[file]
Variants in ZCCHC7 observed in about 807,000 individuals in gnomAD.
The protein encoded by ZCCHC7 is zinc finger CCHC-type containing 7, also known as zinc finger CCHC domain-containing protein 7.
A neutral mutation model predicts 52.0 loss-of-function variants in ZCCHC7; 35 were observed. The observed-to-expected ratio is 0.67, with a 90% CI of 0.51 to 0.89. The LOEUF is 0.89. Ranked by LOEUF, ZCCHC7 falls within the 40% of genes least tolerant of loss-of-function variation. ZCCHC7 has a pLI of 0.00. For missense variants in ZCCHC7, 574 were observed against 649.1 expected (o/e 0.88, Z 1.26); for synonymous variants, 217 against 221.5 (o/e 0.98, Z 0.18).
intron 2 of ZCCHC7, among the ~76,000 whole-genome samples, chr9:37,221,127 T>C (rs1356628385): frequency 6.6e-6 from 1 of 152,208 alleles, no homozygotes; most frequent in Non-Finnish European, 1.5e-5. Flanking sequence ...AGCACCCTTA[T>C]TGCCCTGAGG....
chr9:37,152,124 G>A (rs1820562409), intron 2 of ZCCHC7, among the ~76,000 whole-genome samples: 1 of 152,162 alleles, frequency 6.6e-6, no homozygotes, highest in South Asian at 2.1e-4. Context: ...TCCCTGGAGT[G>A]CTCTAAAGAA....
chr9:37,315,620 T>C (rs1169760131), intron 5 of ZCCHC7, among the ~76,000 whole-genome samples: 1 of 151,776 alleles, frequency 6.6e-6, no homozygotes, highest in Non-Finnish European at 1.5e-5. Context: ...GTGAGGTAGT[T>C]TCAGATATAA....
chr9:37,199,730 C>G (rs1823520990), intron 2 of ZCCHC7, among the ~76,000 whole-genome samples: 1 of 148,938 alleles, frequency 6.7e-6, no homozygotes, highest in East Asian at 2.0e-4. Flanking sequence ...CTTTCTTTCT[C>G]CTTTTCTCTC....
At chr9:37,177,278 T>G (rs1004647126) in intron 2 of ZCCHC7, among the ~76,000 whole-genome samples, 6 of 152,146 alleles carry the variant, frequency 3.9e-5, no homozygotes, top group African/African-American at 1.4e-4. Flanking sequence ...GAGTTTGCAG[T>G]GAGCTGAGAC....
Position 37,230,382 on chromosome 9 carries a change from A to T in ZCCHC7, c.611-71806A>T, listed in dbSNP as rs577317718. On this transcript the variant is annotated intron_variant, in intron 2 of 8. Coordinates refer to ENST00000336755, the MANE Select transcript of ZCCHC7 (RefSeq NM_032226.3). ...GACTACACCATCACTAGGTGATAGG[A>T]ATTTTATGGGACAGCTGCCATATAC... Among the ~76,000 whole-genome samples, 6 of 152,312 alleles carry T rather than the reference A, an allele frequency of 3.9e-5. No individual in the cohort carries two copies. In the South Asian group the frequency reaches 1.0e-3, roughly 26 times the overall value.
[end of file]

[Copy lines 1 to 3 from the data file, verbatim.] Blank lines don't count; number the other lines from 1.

Variants in ZCCHC7 observed in about 807,000 individuals in gnomAD.
The protein encoded by ZCCHC7 is zinc finger CCHC-type containing 7, also known as zinc finger CCHC domain-containing protein 7.
A neutral mutation model predicts 52.0 loss-of-function variants in ZCCHC7; 35 were observed. The observed-to-expected ratio is 0.67, with a 90% CI of 0.51 to 0.89. The LOEUF is 0.89. Ranked by LOEUF, ZCCHC7 falls within the 40% of genes least tolerant of loss-of-function variation. ZCCHC7 has a pLI of 0.00. For missense variants in ZCCHC7, 574 were observed against 649.1 expected (o/e 0.88, Z 1.26); for synonymous variants, 217 against 221.5 (o/e 0.98, Z 0.18).